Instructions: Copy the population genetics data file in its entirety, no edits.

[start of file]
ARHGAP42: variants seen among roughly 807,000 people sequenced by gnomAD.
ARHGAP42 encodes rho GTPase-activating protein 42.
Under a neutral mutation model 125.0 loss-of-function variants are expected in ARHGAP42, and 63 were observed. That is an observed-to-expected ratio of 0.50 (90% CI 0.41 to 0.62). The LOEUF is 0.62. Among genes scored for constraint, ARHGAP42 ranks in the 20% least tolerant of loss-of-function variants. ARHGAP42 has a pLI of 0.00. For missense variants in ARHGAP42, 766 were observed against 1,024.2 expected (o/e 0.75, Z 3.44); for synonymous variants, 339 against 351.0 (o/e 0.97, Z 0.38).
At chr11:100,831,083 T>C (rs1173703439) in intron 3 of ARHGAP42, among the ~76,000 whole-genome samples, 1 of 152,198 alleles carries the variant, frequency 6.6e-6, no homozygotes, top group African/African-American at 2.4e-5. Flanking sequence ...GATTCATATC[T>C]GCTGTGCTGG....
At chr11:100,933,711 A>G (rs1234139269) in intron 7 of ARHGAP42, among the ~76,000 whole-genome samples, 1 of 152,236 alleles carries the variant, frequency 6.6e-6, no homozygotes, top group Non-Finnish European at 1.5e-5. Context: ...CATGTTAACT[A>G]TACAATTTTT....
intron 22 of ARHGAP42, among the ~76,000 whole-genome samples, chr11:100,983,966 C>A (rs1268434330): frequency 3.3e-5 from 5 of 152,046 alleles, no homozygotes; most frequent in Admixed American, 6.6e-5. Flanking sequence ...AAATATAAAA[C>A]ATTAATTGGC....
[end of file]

ARHGAP42: variants seen among roughly 807,000 people sequenced by gnomAD.
ARHGAP42 encodes rho GTPase-activating protein 42.
Under a neutral mutation model 125.0 loss-of-function variants are expected in ARHGAP42, and 63 were observed. That is an observed-to-expected ratio of 0.50 (90% CI 0.41 to 0.62). The LOEUF is 0.62. Among genes scored for constraint, ARHGAP42 ranks in the 20% least tolerant of loss-of-function variants. ARHGAP42 has a pLI of 0.00. For missense variants in ARHGAP42, 766 were observed against 1,024.2 expected (o/e 0.75, Z 3.44); for synonymous variants, 339 against 351.0 (o/e 0.97, Z 0.38).
At chr11:100,831,083 T>C (rs1173703439) in intron 3 of ARHGAP42, among the ~76,000 whole-genome samples, 1 of 152,198 alleles carries the variant, frequency 6.6e-6, no homozygotes, top group African/African-American at 2.4e-5. Flanking sequence ...GATTCATATC[T>C]GCTGTGCTGG....
At chr11:100,933,711 A>G (rs1234139269) in intron 7 of ARHGAP42, among the ~76,000 whole-genome samples, 1 of 152,236 alleles carries the variant, frequency 6.6e-6, no homozygotes, top group Non-Finnish European at 1.5e-5. Context: ...CATGTTAACT[A>G]TACAATTTTT....
intron 22 of ARHGAP42, among the ~76,000 whole-genome samples, chr11:100,983,966 C>A (rs1268434330): frequency 3.3e-5 from 5 of 152,046 alleles, no homozygotes; most frequent in Admixed American, 6.6e-5. Flanking sequence ...AAATATAAAA[C>A]ATTAATTGGC....